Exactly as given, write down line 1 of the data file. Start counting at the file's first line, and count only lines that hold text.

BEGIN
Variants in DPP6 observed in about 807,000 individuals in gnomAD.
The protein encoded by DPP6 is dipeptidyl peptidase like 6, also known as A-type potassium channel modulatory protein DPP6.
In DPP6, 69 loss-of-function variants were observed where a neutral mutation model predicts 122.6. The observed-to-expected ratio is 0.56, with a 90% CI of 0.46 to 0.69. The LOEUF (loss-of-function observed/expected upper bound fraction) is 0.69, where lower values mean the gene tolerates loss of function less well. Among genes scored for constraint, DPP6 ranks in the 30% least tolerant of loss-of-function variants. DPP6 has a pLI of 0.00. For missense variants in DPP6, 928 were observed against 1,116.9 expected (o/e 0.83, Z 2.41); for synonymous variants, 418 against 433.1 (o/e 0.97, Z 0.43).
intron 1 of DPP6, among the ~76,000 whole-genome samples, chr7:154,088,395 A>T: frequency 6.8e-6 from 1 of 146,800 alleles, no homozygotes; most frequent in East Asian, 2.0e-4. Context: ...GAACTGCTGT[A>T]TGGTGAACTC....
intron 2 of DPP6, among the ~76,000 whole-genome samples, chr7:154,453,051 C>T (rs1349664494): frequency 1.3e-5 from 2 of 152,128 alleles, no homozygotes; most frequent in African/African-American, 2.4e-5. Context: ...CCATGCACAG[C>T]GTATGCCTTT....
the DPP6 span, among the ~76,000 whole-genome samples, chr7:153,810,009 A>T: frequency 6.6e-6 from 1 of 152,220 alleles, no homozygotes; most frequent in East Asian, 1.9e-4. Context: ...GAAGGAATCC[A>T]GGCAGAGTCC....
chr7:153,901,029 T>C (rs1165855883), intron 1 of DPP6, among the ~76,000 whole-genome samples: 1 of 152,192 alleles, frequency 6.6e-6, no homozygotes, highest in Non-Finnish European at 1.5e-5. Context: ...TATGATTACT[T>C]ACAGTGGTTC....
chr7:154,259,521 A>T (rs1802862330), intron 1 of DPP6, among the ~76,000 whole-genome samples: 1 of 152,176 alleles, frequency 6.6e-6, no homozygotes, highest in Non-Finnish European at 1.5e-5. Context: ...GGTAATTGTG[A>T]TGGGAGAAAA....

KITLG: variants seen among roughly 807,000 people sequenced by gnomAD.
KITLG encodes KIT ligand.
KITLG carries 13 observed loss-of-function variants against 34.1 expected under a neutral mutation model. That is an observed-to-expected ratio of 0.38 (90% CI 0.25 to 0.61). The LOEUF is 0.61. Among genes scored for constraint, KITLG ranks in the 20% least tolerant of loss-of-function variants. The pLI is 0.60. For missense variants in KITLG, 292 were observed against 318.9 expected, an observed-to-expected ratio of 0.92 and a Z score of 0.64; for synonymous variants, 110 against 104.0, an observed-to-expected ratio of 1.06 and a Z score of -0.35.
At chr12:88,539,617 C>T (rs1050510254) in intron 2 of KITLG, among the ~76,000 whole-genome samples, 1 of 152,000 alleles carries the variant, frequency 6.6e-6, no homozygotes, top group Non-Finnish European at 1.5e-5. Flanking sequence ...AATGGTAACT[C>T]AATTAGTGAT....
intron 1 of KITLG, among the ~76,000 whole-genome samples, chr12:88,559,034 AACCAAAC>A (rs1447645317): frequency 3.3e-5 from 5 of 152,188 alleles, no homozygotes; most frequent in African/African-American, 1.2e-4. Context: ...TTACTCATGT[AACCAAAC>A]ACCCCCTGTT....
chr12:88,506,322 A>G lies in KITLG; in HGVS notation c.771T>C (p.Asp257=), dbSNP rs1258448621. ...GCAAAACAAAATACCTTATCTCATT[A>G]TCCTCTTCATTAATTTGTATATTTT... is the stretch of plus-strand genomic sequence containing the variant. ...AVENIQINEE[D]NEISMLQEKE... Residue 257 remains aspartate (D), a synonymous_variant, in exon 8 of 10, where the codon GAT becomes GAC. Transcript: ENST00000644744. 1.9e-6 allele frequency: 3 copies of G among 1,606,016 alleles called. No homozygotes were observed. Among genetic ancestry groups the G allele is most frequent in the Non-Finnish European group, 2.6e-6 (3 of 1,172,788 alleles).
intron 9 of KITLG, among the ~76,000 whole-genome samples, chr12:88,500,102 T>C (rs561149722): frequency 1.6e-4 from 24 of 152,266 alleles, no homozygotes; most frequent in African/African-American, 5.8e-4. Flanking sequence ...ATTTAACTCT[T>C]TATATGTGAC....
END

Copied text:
Variants in DPP6 observed in about 807,000 individuals in gnomAD.